On (being real about) Being 37

On the eve of my birthday, I started writing this blog. I had some reflections on this birthday and I wanted to capture them before the feelings faded. I published it that evening, thinking I would share it later.

But then my actual birthday happened, and this is what the first 2 waking hours of my 37th year *actually* looked like:

-I woke up with yet another zit the size of Vesuvius on my chin. Because 20 years later, I somehow have worse skin than I did at 17 despite many expensive and prescriptive methods to alleviate the issue.

-I did a bootcamp workout that made every joint in my body pop, like little percussive reminders that my knees only have about 15 more functional years.

-I got a text from my bank that I had gone below my low balance threshold. Fabulous. But luckily, because I’m an adult now, I set that threshold pretty high. But also because I’m an adult, I spend about $700 on groceries in a weekend instead of living off of what’s in my freezer. #damnyouSamsClub

-I witnessed a fight between my boys that ended in tears and awkward silences, and resulted in a full day of tension to follow.

-Subsequently, I had a good long cry on the bathroom floor. #adultbirthdayfun

-I stared at a package that arrived from my mother on Tuesday that I still hadn’t opened…like a tiny, passive-aggressive A-bomb sitting at my front door. “What do we say to drama?” “Not today.” #channelingarya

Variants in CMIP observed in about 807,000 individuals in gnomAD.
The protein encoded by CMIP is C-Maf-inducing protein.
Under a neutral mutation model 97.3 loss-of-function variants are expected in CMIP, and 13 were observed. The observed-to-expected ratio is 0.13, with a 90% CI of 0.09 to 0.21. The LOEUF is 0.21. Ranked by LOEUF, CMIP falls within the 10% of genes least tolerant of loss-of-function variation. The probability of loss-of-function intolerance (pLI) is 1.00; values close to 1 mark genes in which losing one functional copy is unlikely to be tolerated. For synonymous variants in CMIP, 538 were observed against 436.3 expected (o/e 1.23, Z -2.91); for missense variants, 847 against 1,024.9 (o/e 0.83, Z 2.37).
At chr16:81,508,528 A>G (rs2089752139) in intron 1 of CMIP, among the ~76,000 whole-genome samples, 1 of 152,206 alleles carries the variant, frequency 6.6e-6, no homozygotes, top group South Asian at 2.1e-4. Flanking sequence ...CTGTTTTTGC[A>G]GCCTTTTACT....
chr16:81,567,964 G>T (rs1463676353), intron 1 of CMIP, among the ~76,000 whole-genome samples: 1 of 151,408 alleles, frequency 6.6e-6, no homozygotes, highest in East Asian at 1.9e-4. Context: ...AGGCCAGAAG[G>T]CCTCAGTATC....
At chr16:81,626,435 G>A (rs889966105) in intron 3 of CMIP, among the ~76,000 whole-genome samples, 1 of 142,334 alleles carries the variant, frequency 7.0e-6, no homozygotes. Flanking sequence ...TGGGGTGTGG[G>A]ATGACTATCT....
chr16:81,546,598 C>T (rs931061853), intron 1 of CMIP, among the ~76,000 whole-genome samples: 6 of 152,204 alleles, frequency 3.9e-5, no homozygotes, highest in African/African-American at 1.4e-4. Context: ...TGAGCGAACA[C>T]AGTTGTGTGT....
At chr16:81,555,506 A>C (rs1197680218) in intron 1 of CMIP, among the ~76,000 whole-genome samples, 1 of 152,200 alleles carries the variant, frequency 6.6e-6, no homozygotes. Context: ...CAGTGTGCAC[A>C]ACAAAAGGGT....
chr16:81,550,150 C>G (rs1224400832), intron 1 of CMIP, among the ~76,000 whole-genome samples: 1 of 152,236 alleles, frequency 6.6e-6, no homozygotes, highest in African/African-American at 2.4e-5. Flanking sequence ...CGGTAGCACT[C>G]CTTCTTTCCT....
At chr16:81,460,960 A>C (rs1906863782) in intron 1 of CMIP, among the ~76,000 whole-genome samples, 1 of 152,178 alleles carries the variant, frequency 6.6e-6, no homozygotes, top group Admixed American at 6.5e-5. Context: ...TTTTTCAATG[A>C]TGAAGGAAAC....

It was now all of 8:30 a.m., and I should have just called it quits right there and gone to work instead of taking the day off. But I hiked up those No-Muffin-Top mom panties and poured the whole grumpy family into the car to go to an amusement park. Because that’s what we do, ladies. We fix things by adding “amusement” (read: “distraction”).

We did take a few pictures that made us *look* like we were having good old fashioned sweaty fun.

In 7 full hours at the park, we estimate that we rode 7 rides. First, we baked in the 95-degree heat and scalding sun. Rode a “kids” ride that nearly made all of us puke. Got in a “short” line (only 15 minute wait time) for one of our favorite water rides, only to wait for over an hour due to mechanical difficulties. Rode go karts and became so competitive that I: 1. Pulled the tendon in the top of my right foot, and 2. Made my kid mad for taking the inside curves and beating the pants off of him. Ate lunch in the car in the parking lot. Decided to go into the water park portion to cool off. Completed half of the “lazy” river (after standing in line on hot pavement for 30 minutes) before being asked to exit the water due to lightning. Waited 1 hour for storm to pass, but it just kept raining harder. Called the day a complete loss and left. Stuffed face with wings and beer. Gained 6 pounds overnight.

This may sound selfish and petty, but I want a birthday do-over. If you’re 36 right now, just stay there.

So for those of you interested in the introspective, positive and empowered post I wrote BEFORE the birthday hijinks on my actual birthday, here it is:

This birthday is not significant to me in anyway. It is not a “milestone” birthday, nor am I celebrating any great achievement. Yet somehow, 37 feels like the verge of something.

37 is officially “late” thirties.

37 is a full 14 or 15 years older than the new graduates I often counsel at work.

37 means high school was officially 20 years ago.

37 is the age women officially become “high risk” if they want to continue procreating.